Le Sigh

When I was a little girl one of my biggest annoyances was when my mom would sigh. Not a typical sigh, but the kind of sigh that could make walls crumble. (Only a slight exaggeration). It annoyed me because I knew it meant she was sad or at the very least unhappy and as a kid, hell even as an adult, other peoples sadness is not something I deal well with.

As I kid I didn’t understand the complexities of life. I did not understand the struggles my mother had. See at the age of 6, my parents decided to get a divorce. When my parents told me I remember saying…” Does this mean you guys wont fight all the time?” “Yes” they replied. ” Ok. Can I go play now?” See in my head my only concern was how this decision would impact me. I never once considered how it impacted my parents. Later on my dad paid for my mother to go to art school. See my parents were the weird parents who divorced and seemed to instantly be friends again. (Except now I wonder how much of that was really for mine and my sisters benefit). In 1987 my mom suddenly found herself a single mom in school with two daughters. Let me tell you her two daughters didn’t make it easy on her. There is a 7 year difference me and my sister. She used to be forced to “watch me” which, I guess in her eyes meant, chase me around the house threating to kill me. To this day I credit my sister for what I believe is a keen ability to escape the grasp of homicidal maniacs (though I have never tested this theory, thank heavens).

The truth is my mother had to have been hurt. I don’t have to imagine how stressed out she must of been in school because I myself just finished three years of grad school. Furthermore I only guess that my mother was scared of what the future had in store for her. So it dawns on me now, as an adult, what never dawned on me before as a 6 year old. My mother was her own person. With her own set of fears, desires, expectations, and emotions.

Don’t get me wrong I’ve “known” this was true for a long time. I remember the first time I realized the people in my family were more then just people in MY life was when my grandma died. Looking through all of her pictures and hearing all the stories about her made me realize that she was more then just MY grandmother. I honestly credit that moment as being the moment I became an adult, when I no longer saw the world revolving around me.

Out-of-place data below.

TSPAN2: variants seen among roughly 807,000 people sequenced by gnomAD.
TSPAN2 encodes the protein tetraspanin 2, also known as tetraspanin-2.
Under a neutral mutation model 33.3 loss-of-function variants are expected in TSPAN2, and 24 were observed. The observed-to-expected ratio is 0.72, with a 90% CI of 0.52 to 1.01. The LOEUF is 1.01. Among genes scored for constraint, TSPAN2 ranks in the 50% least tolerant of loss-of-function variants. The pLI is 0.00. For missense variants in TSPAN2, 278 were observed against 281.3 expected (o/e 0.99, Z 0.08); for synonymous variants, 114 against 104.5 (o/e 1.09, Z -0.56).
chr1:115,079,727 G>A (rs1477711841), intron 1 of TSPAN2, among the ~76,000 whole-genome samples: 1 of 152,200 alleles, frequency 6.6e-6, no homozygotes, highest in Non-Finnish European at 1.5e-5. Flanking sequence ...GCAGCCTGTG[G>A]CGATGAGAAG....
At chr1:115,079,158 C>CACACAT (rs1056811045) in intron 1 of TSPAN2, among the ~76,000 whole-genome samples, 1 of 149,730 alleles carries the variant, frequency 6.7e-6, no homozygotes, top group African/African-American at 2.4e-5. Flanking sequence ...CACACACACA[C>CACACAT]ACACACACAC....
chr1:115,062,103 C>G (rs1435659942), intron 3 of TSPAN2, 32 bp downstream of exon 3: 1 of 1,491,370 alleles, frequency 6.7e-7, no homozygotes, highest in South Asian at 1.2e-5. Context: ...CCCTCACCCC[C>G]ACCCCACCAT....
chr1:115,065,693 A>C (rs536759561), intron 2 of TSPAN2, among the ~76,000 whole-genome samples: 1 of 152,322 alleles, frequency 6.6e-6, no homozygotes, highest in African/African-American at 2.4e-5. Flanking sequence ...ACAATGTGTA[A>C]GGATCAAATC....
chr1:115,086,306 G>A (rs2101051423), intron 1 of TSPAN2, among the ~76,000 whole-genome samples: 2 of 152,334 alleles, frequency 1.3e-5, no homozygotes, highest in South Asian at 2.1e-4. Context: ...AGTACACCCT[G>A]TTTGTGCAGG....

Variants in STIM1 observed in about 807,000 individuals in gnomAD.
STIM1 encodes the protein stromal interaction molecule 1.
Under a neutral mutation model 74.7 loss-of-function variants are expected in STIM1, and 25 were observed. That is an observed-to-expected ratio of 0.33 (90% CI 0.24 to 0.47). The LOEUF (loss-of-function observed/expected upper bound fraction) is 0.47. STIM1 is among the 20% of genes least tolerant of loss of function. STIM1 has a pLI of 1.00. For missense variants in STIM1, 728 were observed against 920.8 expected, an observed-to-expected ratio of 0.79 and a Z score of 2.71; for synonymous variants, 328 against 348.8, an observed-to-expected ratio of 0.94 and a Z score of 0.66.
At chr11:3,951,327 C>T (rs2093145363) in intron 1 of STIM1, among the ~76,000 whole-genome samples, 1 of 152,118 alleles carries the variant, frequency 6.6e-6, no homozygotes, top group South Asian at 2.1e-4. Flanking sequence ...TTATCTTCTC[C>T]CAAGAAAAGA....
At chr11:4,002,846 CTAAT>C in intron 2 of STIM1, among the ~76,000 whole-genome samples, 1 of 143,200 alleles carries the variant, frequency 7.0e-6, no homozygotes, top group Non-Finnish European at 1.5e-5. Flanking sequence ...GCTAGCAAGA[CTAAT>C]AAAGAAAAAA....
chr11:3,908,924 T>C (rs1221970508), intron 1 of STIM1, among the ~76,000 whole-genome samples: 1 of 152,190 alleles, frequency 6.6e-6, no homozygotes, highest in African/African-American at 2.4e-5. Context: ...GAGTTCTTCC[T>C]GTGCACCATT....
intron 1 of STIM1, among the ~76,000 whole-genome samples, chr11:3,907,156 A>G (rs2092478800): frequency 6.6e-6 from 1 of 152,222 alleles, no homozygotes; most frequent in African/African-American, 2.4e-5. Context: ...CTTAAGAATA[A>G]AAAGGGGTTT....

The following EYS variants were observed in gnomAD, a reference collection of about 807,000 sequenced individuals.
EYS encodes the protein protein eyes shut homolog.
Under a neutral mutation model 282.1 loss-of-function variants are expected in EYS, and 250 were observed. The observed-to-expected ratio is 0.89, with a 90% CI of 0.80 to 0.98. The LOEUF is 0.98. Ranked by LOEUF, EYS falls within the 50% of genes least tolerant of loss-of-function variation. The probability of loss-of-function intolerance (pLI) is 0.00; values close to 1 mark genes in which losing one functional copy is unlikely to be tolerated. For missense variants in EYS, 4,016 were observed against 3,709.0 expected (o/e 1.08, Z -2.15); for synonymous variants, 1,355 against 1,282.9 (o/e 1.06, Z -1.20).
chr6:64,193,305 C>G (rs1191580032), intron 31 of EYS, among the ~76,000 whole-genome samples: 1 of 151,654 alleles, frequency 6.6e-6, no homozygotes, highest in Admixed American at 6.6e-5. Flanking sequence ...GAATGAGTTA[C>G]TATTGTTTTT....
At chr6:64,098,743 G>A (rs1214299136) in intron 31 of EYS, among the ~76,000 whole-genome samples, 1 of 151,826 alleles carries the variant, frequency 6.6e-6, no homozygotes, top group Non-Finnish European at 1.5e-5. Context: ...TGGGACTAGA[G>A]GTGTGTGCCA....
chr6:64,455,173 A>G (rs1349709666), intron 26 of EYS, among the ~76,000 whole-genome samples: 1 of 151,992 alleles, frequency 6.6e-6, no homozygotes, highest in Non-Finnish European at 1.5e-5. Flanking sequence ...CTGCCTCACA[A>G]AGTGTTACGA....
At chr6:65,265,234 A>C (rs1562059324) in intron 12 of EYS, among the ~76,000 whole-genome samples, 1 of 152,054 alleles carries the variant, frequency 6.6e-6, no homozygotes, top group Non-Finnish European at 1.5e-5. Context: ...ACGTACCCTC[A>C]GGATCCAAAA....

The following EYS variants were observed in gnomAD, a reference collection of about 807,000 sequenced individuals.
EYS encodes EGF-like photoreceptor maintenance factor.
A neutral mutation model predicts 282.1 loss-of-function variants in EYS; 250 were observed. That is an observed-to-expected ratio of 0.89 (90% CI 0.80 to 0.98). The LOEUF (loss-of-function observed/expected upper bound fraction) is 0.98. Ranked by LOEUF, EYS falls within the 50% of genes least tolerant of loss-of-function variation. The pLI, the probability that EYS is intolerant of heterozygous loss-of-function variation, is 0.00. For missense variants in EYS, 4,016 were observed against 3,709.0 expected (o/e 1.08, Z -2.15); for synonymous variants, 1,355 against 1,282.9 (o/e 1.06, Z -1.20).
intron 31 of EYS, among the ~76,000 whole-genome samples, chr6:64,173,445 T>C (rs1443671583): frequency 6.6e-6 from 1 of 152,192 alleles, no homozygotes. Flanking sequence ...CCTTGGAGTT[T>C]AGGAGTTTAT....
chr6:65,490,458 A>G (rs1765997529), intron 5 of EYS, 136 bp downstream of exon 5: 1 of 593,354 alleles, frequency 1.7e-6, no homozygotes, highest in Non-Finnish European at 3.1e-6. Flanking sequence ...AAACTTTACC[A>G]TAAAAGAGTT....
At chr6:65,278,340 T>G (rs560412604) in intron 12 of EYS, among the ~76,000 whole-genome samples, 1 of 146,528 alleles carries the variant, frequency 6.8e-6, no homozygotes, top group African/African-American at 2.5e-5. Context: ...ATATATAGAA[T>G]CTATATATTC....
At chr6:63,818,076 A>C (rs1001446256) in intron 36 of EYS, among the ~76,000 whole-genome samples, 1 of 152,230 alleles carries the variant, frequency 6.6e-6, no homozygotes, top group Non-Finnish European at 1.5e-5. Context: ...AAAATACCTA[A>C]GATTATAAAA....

So like I said I’ve “known” this to be true of my mother, but I haven’t KNOWN it to be true until recently. I was sitting in my chair at work the other day and I let out a loaded sigh. A sigh filled to the brim with anger,annoyance, fear, and sadness. I sigh A LOT. But this sigh acted like a time machine and for a brief moment I was hurled back into the past. I saw my mother sighing and my 6 year old self get annoyed and when I came back to reality, suddenly I understood my mother and her sighing.

As you get older you start to realize that your “super human” parents are just like you (all too human). You start to recall all the times you saw those human flaws poke through, but you were too wrapped up in your own life to see them for what they really were. You would think it would be incredibly depressing to realize that you parents are just as vulnerable and flawed as you are, and perhaps for a brief moment it is, but then it becomes incredibly freeing when you realize that your choices are just as valid as theirs because no one has all the answers.

Sighing, for me, provides relief from my feelings of anxiety. It’s like a brief touch with reality. Like when your drowning and you rush to the surface to breathe only to sucked back down into the water. To think that this is probably the exact same feelings my mother had years ago, on one hand it makes feel incredibly selfish that my younger self would have denied that outlet to my mother and on the other hand it makes me appreciate her even more then before.

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